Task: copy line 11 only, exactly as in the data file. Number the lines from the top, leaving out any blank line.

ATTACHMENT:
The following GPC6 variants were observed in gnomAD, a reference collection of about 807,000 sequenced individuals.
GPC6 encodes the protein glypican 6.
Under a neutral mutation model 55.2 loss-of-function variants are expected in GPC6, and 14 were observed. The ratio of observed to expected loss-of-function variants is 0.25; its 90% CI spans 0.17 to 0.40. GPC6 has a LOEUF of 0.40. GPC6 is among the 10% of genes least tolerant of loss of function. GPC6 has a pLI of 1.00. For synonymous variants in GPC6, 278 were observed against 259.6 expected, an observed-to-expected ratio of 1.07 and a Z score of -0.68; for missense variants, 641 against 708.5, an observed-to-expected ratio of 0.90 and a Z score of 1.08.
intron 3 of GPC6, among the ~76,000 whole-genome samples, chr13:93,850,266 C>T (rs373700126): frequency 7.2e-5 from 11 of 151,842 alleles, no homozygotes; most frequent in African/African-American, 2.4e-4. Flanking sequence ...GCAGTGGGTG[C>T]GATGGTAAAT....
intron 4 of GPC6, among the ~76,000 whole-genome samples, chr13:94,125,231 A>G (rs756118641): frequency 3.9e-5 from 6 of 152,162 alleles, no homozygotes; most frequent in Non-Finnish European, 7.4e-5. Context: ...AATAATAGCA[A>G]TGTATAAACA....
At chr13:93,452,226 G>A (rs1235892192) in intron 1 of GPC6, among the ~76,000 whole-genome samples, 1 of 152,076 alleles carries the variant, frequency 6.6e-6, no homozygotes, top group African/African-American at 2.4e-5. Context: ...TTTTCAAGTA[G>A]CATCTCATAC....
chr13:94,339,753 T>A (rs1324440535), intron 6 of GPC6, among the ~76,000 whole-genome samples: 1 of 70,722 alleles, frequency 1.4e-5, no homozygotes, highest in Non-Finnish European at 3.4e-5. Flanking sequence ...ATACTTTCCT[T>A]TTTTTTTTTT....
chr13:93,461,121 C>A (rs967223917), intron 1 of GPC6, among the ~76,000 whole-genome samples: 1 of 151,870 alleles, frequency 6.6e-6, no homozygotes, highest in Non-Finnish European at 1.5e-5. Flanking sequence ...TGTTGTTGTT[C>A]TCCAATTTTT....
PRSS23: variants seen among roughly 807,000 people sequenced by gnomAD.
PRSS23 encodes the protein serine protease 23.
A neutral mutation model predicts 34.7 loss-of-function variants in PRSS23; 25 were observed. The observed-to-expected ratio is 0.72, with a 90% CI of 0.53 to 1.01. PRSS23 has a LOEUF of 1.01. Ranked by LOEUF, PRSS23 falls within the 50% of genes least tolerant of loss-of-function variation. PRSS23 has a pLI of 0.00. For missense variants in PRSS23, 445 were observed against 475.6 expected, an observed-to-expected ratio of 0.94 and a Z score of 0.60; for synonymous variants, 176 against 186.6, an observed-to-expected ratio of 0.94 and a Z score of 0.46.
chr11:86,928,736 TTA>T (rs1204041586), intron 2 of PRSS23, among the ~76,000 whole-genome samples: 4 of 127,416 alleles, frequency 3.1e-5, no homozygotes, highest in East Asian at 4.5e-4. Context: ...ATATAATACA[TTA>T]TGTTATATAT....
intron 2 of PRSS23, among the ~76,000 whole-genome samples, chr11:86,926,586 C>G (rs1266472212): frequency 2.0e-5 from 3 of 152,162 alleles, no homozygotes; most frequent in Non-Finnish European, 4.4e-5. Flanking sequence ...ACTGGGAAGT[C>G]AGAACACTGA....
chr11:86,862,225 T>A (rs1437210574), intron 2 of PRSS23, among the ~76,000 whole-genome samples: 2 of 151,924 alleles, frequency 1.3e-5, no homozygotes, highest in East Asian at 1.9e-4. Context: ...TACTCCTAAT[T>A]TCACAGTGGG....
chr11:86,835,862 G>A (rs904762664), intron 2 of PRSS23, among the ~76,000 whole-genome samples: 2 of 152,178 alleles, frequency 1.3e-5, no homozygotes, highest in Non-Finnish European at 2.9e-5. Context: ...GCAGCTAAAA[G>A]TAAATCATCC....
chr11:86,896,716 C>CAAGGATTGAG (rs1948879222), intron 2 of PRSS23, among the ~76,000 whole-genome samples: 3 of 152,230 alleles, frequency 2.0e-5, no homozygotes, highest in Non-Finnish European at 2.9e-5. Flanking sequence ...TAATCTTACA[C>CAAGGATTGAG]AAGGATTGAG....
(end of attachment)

A neutral mutation model predicts 34.7 loss-of-function variants in PRSS23; 25 were observed. The observed-to-expected ratio is 0.72, with a 90% CI of 0.53 to 1.01. PRSS23 has a LOEUF of 1.01. Ranked by LOEUF, PRSS23 falls within the 50% of genes least tolerant of loss-of-function variation. PRSS23 has a pLI of 0.00. For missense variants in PRSS23, 445 were observed against 475.6 expected, an observed-to-expected ratio of 0.94 and a Z score of 0.60; for synonymous variants, 176 against 186.6, an observed-to-expected ratio of 0.94 and a Z score of 0.46.